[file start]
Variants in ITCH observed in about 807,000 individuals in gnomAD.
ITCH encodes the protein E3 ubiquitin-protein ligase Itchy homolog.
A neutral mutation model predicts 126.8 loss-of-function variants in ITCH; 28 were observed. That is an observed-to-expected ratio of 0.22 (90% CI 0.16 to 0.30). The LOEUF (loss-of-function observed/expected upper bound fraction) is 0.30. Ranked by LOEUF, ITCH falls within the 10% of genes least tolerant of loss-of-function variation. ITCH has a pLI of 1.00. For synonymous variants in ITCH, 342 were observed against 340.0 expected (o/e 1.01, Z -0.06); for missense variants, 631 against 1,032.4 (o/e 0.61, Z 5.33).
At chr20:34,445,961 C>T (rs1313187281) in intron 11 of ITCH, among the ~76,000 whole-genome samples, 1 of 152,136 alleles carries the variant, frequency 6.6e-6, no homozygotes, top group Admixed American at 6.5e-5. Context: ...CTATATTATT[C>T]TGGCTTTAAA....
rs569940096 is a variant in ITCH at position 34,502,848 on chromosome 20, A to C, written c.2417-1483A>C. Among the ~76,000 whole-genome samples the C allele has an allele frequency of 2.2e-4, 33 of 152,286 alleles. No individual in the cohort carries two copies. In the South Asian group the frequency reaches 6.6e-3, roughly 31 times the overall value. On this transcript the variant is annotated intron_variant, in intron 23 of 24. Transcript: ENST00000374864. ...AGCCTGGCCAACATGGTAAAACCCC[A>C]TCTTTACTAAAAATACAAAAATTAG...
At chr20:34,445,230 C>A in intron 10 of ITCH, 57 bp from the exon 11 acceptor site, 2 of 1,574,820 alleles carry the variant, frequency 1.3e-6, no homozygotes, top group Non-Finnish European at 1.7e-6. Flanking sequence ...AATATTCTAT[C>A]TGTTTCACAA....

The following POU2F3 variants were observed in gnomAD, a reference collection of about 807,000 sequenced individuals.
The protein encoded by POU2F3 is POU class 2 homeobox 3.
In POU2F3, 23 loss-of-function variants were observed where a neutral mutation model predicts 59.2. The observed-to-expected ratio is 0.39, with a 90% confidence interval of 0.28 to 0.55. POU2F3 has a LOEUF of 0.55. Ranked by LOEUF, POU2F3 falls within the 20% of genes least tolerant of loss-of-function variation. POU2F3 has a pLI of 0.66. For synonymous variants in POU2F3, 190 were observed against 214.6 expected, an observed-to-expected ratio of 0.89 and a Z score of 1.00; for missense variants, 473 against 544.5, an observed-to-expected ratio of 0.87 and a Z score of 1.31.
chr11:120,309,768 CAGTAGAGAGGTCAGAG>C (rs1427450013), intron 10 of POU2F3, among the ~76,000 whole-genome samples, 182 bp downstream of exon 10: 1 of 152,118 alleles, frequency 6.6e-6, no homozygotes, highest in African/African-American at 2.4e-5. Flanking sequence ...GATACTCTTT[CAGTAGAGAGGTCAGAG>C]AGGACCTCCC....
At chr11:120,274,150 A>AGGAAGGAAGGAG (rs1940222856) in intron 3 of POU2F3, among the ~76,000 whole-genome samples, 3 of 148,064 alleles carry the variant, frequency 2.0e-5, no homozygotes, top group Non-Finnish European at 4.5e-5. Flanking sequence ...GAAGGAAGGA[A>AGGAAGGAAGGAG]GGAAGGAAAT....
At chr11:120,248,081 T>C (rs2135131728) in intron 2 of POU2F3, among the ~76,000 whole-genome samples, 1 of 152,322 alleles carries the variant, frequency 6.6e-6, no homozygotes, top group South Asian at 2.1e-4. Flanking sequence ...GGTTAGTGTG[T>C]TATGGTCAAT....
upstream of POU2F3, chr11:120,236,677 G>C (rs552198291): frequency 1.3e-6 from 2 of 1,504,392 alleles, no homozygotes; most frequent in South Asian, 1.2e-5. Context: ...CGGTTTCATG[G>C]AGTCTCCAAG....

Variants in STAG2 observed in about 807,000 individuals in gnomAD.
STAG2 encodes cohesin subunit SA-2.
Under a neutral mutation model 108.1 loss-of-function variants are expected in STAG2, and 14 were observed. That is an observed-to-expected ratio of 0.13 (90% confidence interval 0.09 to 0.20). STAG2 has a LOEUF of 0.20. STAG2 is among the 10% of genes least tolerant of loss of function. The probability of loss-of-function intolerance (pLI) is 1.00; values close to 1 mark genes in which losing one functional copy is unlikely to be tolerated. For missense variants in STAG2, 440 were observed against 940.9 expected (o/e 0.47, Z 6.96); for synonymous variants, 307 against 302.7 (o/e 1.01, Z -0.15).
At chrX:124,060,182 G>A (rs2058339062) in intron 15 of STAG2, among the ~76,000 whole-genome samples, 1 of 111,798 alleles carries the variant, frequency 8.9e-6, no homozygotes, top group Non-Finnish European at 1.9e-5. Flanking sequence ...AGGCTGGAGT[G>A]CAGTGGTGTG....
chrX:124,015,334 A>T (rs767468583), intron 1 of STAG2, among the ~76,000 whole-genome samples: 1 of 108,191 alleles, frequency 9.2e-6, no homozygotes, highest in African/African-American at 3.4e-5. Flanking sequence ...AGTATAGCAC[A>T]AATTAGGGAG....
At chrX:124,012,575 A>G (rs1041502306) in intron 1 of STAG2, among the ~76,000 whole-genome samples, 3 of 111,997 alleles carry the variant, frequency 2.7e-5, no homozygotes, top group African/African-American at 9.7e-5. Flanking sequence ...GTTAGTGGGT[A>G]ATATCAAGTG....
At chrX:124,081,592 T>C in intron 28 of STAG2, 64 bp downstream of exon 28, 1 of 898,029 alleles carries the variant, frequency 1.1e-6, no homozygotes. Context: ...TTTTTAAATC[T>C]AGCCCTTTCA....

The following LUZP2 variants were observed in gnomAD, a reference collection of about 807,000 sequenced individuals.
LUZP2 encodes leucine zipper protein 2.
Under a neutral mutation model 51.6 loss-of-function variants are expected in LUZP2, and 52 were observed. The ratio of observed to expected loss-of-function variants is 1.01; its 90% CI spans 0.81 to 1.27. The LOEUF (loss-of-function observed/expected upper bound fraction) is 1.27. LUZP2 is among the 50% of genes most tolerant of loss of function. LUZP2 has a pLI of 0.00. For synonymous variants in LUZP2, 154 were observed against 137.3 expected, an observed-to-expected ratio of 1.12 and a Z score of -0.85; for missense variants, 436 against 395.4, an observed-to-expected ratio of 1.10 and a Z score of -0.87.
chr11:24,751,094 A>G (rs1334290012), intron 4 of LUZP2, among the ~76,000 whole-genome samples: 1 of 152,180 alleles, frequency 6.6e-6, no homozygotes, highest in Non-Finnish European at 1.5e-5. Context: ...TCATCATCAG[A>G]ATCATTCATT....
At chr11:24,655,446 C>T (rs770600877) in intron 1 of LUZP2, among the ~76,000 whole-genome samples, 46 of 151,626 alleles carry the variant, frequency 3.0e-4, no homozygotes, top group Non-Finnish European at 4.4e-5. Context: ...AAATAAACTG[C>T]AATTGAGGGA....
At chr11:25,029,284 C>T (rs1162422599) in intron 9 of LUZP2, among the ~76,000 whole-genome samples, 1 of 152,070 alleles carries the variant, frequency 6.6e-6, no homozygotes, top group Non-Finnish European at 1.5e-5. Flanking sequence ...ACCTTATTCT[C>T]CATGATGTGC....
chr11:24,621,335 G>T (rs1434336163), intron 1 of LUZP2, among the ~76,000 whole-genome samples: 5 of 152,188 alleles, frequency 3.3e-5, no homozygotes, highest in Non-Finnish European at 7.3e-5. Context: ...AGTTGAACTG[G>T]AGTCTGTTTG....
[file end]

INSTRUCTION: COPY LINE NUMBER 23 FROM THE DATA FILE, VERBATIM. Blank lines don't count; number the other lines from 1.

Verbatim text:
Under a neutral mutation model 51.6 loss-of-function variants are expected in LUZP2, and 52 were observed. The ratio of observed to expected loss-of-function variants is 1.01; its 90% CI spans 0.81 to 1.27. The LOEUF (loss-of-function observed/expected upper bound fraction) is 1.27. LUZP2 is among the 50% of genes most tolerant of loss of function. LUZP2 has a pLI of 0.00. For synonymous variants in LUZP2, 154 were observed against 137.3 expected, an observed-to-expected ratio of 1.12 and a Z score of -0.85; for missense variants, 436 against 395.4, an observed-to-expected ratio of 1.10 and a Z score of -0.87.